He who requested the observance while on earth (see Luke 22:19-20), repeated the request from heaven. As 1 Corinthians 11:23 says, “For I have received of the Lord.” Peter, nor James, nor John mention the Supper in their writings. To Paul, it was the subject of a special revelation: “Look Up.”

The Lord expects His children to obey His request. This request is not an option, but an obligation. There are many who lay great emphasis on evangelism, but disregard the Lord's Supper. “Go ye” and “This do.” This feast must continue each Lord's Day, “until He come.” 


3. The Look Back

1 Corinthians 11:26 says, “Ye do show the Lord's death.” At the Supper the Lord's death should occupy our minds greatly, but not exclusively. Luke 22:19-20 says, “This do in remembrance of Me.” We gather together to “remember the Lord” in all His glories and attributes, but the central theme should be His death and resurrection.

We should never leave the Remembrance Feast with Christ still on the Cross or in the Tomb - but glorified at God's right hand. The contemplation of the suffering of Christ is of tremendous importance in our worship. These are in three distinct areas:

- The soul sufferings in the Garden (see Mark 14 and Luke 22)

- The physical sufferings during the hours of daylight (The Cross)

- The spiritual sufferings during the hours of darkness (The Cross)

The physical sufferings (the beatings) are revealed in Isaiah 30:6, which says, “Back to the smiters - face to them that plucked off the hairs - hid not my face from shame but spitting.” Isaiah 52:14 says, “Visage so marred more than any man - His form marred more than the son of men.” John 19:5 says, “Behold the Man.” Isaiah 53:5 says, “He was wounded for our transgressions.” Consider the spiritual sufferings. [The grape in the winepress - The bread in the oven].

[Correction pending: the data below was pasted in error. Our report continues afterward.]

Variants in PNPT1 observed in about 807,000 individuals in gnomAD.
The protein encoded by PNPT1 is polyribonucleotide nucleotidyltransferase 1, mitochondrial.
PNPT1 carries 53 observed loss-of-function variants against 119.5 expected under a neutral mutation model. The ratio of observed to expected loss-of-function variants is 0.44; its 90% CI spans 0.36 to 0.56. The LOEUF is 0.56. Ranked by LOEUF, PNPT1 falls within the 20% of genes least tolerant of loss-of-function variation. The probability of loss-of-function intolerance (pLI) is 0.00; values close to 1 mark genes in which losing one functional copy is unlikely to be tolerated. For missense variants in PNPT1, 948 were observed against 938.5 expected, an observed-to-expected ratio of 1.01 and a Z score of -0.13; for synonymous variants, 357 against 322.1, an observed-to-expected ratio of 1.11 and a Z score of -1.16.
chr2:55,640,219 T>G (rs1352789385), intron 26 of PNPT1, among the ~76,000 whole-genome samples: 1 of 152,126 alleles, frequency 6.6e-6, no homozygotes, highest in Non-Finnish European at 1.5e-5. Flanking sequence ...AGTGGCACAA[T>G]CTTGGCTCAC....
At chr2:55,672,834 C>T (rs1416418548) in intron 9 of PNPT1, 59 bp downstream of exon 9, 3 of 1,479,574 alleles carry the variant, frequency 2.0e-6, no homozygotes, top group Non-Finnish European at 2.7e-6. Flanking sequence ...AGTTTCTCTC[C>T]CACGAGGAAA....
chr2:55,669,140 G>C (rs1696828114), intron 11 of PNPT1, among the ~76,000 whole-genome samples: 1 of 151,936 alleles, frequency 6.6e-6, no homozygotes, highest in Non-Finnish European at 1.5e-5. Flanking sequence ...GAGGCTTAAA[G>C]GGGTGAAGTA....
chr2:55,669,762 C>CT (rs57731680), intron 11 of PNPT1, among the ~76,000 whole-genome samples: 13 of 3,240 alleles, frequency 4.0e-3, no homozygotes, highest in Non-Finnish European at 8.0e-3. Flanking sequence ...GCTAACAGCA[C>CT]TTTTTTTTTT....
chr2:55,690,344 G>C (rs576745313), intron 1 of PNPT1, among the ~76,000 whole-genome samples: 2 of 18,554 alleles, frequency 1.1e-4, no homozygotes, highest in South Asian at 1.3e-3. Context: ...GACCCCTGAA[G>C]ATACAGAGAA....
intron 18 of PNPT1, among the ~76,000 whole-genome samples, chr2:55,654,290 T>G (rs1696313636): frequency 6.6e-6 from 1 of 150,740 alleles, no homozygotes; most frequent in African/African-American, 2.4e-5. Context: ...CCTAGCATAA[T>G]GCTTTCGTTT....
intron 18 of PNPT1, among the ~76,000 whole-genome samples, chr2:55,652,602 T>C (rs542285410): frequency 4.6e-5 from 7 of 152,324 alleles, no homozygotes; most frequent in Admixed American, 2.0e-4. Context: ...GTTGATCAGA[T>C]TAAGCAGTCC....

Psalm 69:1 “Save Me, of God, for the waters are come into My soul. I sink in deep mire where there is no standing, where the floods overflow Me.”

Isaiah 42:7 “All Thy waves and billows of Thy wrath are gone over Me.”

Psalm 42:7 “My God, My God why hast Thou forsaken Me?”

Isaiah 53:5 “He was bruised for my iniquities.” 

When we gather around the Lord to remember Him, we should at least grasp a part of the divine mystery of the atonement and the reconciliation. We should consider the Lord as the Burnt Offering, the Sin Offering, the Trespass Offering, the Meal Offering, and the Peace Offering. “Oh make me understand it; help me to take it in.” 


4. The Look On

“Till He come” - 1 Corinthians 11:26. We should each eat the Supper in anticipation of the Lord's return. We are to be as those “who wait for the Lord.” One day in the not too distant future the symbols will give place to substance, faith to sight. Every time we meet we say to an unbelieving world - to hostile powers around us and to the reinforcement of our mutual faith, “Maranatha! The Lord is coming.” [Describe 1 Thessalonians 4]. The benefits we will derive at His coming: We shall be with the Lord...all our tears will be wiped away—no more death—no sorrow—no crying or pain; we shall see the Lord's face and we shall reign forever with Him.

Brethren, the feast on earth is not the first banquet. There yet remains the marriage supper of the Lamb (see Revelation 19:9) and then to enjoy the Lord forever and forever. These are some of the thoughts that should fill our minds and thrill our hearts as we gather around the Lord to break bread and partake of the cup.

“Feast after feast thus comes and passes by

Yet passing points to the glad feast above;

Giving sweet foretaste of the festal joy;

The Lamb's great bridal feast of bliss and love.”